An introduction to Logarithm

A logarithm is used to express any power of a number. In this section, we will learn about logarithms with examples and properties.

Definition of Logarithm

For $a>0, a\neq 1$ and $M>0,$ assume that $a^x=M.$ In this case, the number $x$ is said to be the logarithm of $M$ with respect to the base $a,$ and it is written as
\[x=\log_a M\]
This can be read as:  $x$ is the logarithm of $M$ to the base $a.$
\[\therefore \ a^x=M \Rightarrow x=\log_a M\]
On the other hand, if $x=\log_a M$ then $a^x=M.$ Thus we have
\[a^x=M  \iff  x=\log_a M \]

Few Examples

Ex 1. Firstly we provide an example of the logarithm of a whole number. Note that $3^2=9.$ In terms of the logarithm, this power rule can be expressed as \[2=\log_3 9\] Therefore, we can say that $3^2=9 \iff  2=\log_3 9$

 

Ex 2. Next, we give an example of the logarithm of a fraction. It is known that $10^{-2}=0.01.$ This power rule can be expressed in terms of the logarithm as \[-2=\log_{10} 0.01\]. Hence, from the definition of the logarithm we obtain the following relation: $10^{-2}=0.01 \iff -2=\log_{10} 0.01$

 

In a similar way, we can get more examples:

Ex 3. $2^3=8 \iff 3=\log_2 8$

Ex 4. $5^0=1 \iff 0=\log_5 1$

Ex 5. $7^{-1}=\frac{1}{7} \iff -1=\log_7 \frac{1}{7}$ ♣

 

Some Remarks on Logarithms

(R1) The logarithm of a number does not make any sense if we do not mention the base.

(R2) Recall from the definition of the logarithm that $a^x=M \iff x=\log_a M$. Here, if $a^x$ (or $M$) is a negative number then the value of $x$ will be an imaginary complex number. Thus, the logarithm of a negative number is imaginary.

(R3) The logarithm of any number $a$ with respect to the base $a$ is $1.$ In other words, \[\log_a a=1.\]
Proof:  Note that $a^1=a.$ Thus, by the definition of logarithms, we obtain that $\log_a a=1.$
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(R4) The logarithm of $1$ with respect to any base $a (a \neq 0)$ is $1.$ In other words, \[\log_a 1=0.\]
Proof:  We know that $a^0=1$ for any $a \ne 0.$ Then by the definition of logarithms, we have $\log_a 1=0.$ ♣
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Main Properties of Logarithms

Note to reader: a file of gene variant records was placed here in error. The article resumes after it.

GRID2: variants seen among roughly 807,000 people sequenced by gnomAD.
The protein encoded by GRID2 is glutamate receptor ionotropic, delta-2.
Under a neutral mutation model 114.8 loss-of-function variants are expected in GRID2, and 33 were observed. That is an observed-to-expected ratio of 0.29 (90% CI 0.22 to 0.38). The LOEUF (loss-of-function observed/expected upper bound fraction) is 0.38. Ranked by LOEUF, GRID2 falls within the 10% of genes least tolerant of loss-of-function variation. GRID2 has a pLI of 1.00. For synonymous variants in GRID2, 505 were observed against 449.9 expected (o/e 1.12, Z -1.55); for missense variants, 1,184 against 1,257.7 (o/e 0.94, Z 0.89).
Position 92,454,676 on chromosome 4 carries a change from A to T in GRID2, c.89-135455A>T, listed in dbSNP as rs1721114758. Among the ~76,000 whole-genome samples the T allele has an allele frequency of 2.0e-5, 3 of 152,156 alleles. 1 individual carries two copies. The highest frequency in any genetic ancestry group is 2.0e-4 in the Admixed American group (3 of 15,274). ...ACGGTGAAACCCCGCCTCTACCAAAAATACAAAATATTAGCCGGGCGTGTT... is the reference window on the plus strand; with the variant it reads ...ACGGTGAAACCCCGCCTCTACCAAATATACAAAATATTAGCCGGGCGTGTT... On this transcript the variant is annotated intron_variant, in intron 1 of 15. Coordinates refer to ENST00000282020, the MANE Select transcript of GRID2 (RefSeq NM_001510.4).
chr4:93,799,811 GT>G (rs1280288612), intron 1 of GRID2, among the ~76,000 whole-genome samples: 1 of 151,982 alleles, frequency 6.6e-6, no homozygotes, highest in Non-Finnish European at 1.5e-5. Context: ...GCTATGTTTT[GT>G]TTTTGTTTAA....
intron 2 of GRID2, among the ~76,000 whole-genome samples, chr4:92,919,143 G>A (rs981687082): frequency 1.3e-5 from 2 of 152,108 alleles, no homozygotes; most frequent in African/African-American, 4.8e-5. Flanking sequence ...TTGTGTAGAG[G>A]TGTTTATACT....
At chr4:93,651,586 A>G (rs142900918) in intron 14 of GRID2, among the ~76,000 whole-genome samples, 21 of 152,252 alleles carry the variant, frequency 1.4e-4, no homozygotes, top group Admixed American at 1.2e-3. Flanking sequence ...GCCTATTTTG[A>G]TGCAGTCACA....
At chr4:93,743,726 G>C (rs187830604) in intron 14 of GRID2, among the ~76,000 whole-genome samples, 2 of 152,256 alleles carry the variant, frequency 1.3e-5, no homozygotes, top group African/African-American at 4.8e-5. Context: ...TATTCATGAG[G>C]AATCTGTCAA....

• Product Rule of Logarithm:  $\log_a(MN)=\log_a M +\log_a N$

Quotient Rule of Logarithm: $\log_a(M/N)=\log_a M -\log_a N$

Power Rule of Logarithm: $\log_a M^k=k\log_a M$

Base Change Rule of Logarithm: $\log_a M=\log_b M \cdot \log_a b$

 

Types of Logarithms:

Natural Logarithm: The logarithm of a number with respect to the base $e$ is called the natural logarithm. From the definition, it is clear that the natural logarithm is denoted by $\log_e$. We represent this logarithm as $\ln$. Thus, we have $\log_e=\ln.$

Example: The natural logarithm of $e$ is $\ln(e)=\log_e e=1$ as $\log_a a=1.$

Common Logarithm: The logarithm of a number with respect to the base $10$ is called the common logarithm. So the common logarithm is denoted by $\log_{10}.$

Example:The common logarithm of $10$ is $\log_{10} 10=1$ as $\log_a a=1.$

Remark: If the base of a logarithm is not mentioned, then that logarithm is calculated with base $10.$

 

Solved Examples on Logarithms

Ex 1: Find $\log_2 8$

Solution:

Note that $8=2 \times 2 \times 2=2^3$

∴ $\log_2 8=\log_2 2^3=3 \log_2 2$ [by the power rule of logarithms]

$=2 \cdot 1$ [$\because \log_a a=1$]

$=2$

 

Ex 2: Find $\log_3 \sqrt{27}$

Solution:

We know that  $27=3 \times 3 \times 3=3^3$

∴ $\sqrt{27}=(3^3)^{1/2}=(3)^{3 \times 1/2}=3^{3/2}$

It follows that $\sqrt{27}=3^{3/2}$

Now, $\log_3 \sqrt{27}=\log_3 (3)^{3/2}$ $=\frac{3}{2} \log_2 2$ [by the power rule of logarithms]

$=\frac{3}{2} \cdot 1$ [$\because \log_a a=1$]

$=\frac{3}{2}$

 

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